Grate­ful for post-quake aid

Central Leader - - FRONT PAGE - By LAUREN PRI­EST­LEY

PAUL SEX­TON and his 5-year-old daugh­ter Sap­phire have been leading a gypsy life for three years.

The lit­tle fam­ily was up­rooted af­ter the de­struc­tive Fe­bru­ary 22 Christchurch earthquake in 2011.

The shake dev­as­tated the Sex­tons’ Aranui home, ru­in­ing most of their pos­ses­sions and leav­ing them with­out wa­ter, power or a work­ing sewage sys­tem.

They came to Auck­land in 2013 with just one suit­case be­tween them.

But they have now set­tled into a new life in Mt Roskill and are thriv­ing. It couldn’t have hap­pened with­out a huge amount of help, Mr Sex­ton says. ‘‘We just had ab­so­lutely noth­ing when we got up here.

‘‘It just knocked Christchurch for six. I’ve got no fam­ily sup­port or any­thing here. The help we’ve been get­ting has saved us.’’

They ini­tially stayed with friends and rel­a­tives in Christchurch, sleep­ing on mat­tresses and in garages.

There was nowhere to stay when they first ar­rived in Auck­land so they moved into a board­ing house in Avon­dale.

But there were some un­savoury ten­ants and it wasn’t a great en­vi­ron­ment for a lit­tle girl to be in, so they moved to emer­gency hous­ing in Man­gere.

‘‘There’s so many places that are un­suit­able for kids in that sit­u­a­tion.

‘‘When we got to the new place it was amaz­ing. There were other kids and a play­ground for her. It was ev­ery­thing.’’

They were then moved to a Mt Roskill state house and have im­mersed them­selves in the com­mu­nity. Mr Sex­ton helps out at the com­mu­nity cen­tre and Sap­phire is in her first year at school.

Va­ri­ety – The Chil­dren’s Char­ity stepped in to help with the tran­si­tion.

Sap­phire was given a new school uni­form, books, shoes, cloth­ing and toys as part of the or­gan­i­sa­tion’s Kiwi Kids Spon­sor­ship pro­gramme.

She’s par­tic­u­larly pleased with the sparkly new pink glasses she re­ceived.

Sap­phire is also go­ing through coun­selling to help with the trauma of the earthquake, Mr Sex­ton says.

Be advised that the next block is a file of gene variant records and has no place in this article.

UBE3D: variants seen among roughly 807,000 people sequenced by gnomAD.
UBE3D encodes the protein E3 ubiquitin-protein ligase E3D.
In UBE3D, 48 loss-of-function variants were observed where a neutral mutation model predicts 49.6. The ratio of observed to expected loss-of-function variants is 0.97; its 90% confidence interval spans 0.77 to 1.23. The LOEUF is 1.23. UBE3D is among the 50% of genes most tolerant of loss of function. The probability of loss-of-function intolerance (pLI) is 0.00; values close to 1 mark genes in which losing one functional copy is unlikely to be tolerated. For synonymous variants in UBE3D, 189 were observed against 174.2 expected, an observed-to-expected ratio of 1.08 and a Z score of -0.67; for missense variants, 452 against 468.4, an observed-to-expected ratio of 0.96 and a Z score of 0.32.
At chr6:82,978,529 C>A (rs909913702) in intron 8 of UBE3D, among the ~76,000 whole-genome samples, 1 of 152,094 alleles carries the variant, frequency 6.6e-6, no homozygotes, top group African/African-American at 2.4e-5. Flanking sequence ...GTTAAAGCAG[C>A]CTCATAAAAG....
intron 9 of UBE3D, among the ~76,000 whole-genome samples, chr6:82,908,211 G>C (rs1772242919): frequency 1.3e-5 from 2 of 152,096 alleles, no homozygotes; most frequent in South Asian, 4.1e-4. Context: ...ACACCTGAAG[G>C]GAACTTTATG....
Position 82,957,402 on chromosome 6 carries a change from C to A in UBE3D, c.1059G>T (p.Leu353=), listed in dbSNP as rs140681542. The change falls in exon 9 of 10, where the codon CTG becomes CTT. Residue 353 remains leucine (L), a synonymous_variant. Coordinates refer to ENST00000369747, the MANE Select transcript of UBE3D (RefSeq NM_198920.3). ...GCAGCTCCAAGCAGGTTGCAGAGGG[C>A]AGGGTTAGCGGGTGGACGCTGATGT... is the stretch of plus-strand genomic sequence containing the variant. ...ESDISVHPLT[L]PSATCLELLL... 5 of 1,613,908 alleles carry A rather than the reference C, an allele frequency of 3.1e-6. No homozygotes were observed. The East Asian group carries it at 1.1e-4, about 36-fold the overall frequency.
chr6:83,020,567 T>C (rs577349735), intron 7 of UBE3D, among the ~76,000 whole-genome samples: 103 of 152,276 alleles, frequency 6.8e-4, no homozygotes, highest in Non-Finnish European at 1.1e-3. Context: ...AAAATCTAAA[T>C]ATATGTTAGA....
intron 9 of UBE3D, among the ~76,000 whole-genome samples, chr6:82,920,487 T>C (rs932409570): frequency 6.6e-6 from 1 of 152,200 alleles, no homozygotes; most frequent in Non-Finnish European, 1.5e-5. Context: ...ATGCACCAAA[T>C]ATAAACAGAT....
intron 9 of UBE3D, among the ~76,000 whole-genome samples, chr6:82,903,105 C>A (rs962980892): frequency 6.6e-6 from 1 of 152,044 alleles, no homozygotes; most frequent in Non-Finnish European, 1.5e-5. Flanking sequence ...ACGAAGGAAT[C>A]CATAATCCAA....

‘‘If we stand near a rail­way track or any kind of rum­bling, she’ll still grab hold of me be­cause of the earthquakes. It stays with them for so long.’’

He says other fam­i­lies in need should look into the Va­ri­ety ini­tiat- ive and see if they are el­i­gi­ble.

The or­gan­i­sa­tion has been a life­line in such a des­per­ate sit­u­a­tion, he says.

‘‘There’ll def­i­nitely be other fam­i­lies out there who don’t know about Va­ri­ety but I know for a fact that it could help them.

‘‘We’ve been some of the lucky ones.’’

Va­ri­ety chief ex­ec­u­tive Lor­raine Tay­lor says there has been a sharp rise in ur­gent re­quests for help this month.

The ini­tia­tive was born out of 2012 com­mu­nity re­search show­ing a grow­ing di­vide be­tween the ‘‘haves’’ and the ‘‘have nots’’, she says.

It tied in with the 2012 re­port from the Chil­dren’s Com­mis­sioner stat­ing 280,000 New Zealand chil­dren were liv­ing in poverty.

‘‘It’s not just chil­dren over­seas. It’s ac­tu­ally chil­dren in our own com­mu­ni­ties that are strug­gling.

‘‘This was one way people can help a child in their own back­yard.’’

Spon­sors are linked up with in­di­vid­ual chil­dren to help out with their spe­cific needs, she says. There are nearly 200 chil­dren cur­rently on the wait­ing list.

‘‘Spon­sors are one thing we’re al­ways need­ing. These lit­tle things can re­ally trans­form a child’s life.’’

Photo: LAUREN PRI­EST­LEY

Stick­ing to­gether: Paul Sex­ton and his daugh­ter Sap­phire are thank­ful for the help they got to get back on their feet.

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